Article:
Recently, the Equine Facilitated Mental Health Association, (EFMHA), and the forerunner of equine related healing North American Riding for the Handicapped, (NARHA), joined forces.
Before equine facilitated mental health came along, equine therapy was known as riding for the handicapped. While this form of therapy was, and still is, quite valuable in reestablishing physical capacities for those with disabilities, the emotional and psychological functioning of these children (and adults) was not addressed.
However, the two founding members of EFMHA, Barbara Rector (www.adventuresinawareness.net) and Ann Alden MA, CEIP-ED (www.borderlandscenter.com), both registered NARHA instructors, soon began to realize that with increased equine contact, the social, emotional, and psychological condition of people changed.
Not only did this recognition occur to Alden and Rector, but several others performing riding for the handicapped began to speak about the mental health benefits of time spent with horses. As Alden and rector had already started Therapeutic Riding of Tucson (TROT), and introduced equine facilitated therapy to the world renowned addiction center, Sierra Tucson, (www.sierratucson.com), the timing seemed appropriate to begin EFMHA.
Soon after Alden and Rector started their organization, others began to emerge. Among them were Equine Assisted Growth and Learning Association (EAGALA, www.eagala.org), and EPONA (www.taoofequus.com). Yet with the field of equine therapy being quite new, it was soon troubled with mild controversy over the best methods to approach healing with horses.
While the disagreements ranged from the use of “exercises” with horses — vs. EFMHA’s insistence that the horse be treated as a sentient being, and wellbeing considered within the therapeutic relationship — to the presence of both an equine professional and a therapist, the strongest contention hinged around standards of care. The problem lie in the fact that although equine therapy was widely performed, there was no agreement on protocol, method of practice, or, contraindications.
Soon, many in the field, and primarily those active within EFMHA, began to compare equine therapy to NARHA, and searched for standards similar to those easily maintained by them. It was also at this time that the most outspoken about the need for standards of care, EFMHA, began to explore the potential benefits of merging with NARHA in establishing those much needed industry standards.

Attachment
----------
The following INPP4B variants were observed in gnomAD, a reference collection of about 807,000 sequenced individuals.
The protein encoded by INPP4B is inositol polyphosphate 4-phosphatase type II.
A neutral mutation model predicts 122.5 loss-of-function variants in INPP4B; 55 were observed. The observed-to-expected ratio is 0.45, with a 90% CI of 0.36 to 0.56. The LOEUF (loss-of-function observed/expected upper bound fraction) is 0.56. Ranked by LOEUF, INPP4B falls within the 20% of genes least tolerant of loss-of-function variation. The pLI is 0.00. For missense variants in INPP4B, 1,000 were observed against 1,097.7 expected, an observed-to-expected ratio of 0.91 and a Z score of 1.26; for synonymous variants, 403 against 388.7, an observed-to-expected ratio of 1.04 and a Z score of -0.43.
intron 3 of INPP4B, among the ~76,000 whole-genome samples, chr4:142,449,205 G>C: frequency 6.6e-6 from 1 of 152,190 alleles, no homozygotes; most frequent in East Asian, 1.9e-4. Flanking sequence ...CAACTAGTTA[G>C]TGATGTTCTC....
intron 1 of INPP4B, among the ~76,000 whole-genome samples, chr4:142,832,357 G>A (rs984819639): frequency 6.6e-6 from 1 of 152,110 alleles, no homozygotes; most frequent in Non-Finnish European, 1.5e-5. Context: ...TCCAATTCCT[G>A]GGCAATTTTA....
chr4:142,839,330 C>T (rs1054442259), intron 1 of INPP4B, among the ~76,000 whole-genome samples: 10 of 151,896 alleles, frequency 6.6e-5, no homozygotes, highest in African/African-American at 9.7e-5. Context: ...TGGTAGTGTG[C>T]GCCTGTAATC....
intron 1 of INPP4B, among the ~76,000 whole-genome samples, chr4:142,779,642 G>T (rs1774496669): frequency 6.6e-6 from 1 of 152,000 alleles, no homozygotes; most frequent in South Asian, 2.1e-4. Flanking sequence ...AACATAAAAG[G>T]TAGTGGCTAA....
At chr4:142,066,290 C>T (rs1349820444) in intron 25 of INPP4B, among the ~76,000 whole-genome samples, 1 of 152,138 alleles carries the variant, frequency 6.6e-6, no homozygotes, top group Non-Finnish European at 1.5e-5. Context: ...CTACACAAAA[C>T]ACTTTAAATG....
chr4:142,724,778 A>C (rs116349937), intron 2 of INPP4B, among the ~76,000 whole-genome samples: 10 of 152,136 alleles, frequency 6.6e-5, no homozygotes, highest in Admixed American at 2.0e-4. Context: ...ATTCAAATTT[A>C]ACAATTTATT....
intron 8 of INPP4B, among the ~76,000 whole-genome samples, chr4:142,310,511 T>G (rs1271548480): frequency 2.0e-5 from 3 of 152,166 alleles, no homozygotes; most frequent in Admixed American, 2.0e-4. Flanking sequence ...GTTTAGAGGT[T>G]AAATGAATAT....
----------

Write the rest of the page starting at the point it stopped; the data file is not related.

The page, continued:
By using the protocol already in place and well agreed upon, perhaps the field of equine therapy could be improved, and some regularity adhered to. The potential benefit of holding EFMHA under the umbrella of NARHA were not lost on Alden and Rector who were both integral forces in this new development. However, both did not fail to weigh public concern and members of EFMHA were asked to render opinion surrounding to potential merger. As the voices began to sound, it soon became clear that practitioners — both “equine specialists and licensed therapists — were in consensus that joining with NAHRA and adopting their standards would lead to improvement in the field.
Now that the merger is complete, a set of nationally recognized standards for equine facilitated mental health is underway. And while at the moment, the new developments have created a wealth of work to be completed, there is a sense of shared excitement that now, what is known as equine therapy will enjoy increased credibility, and improved quality of care, not only for the patients, but for their equine friends as well.
Photo by Dainis Matisons, available under a Creative Commons attribution license.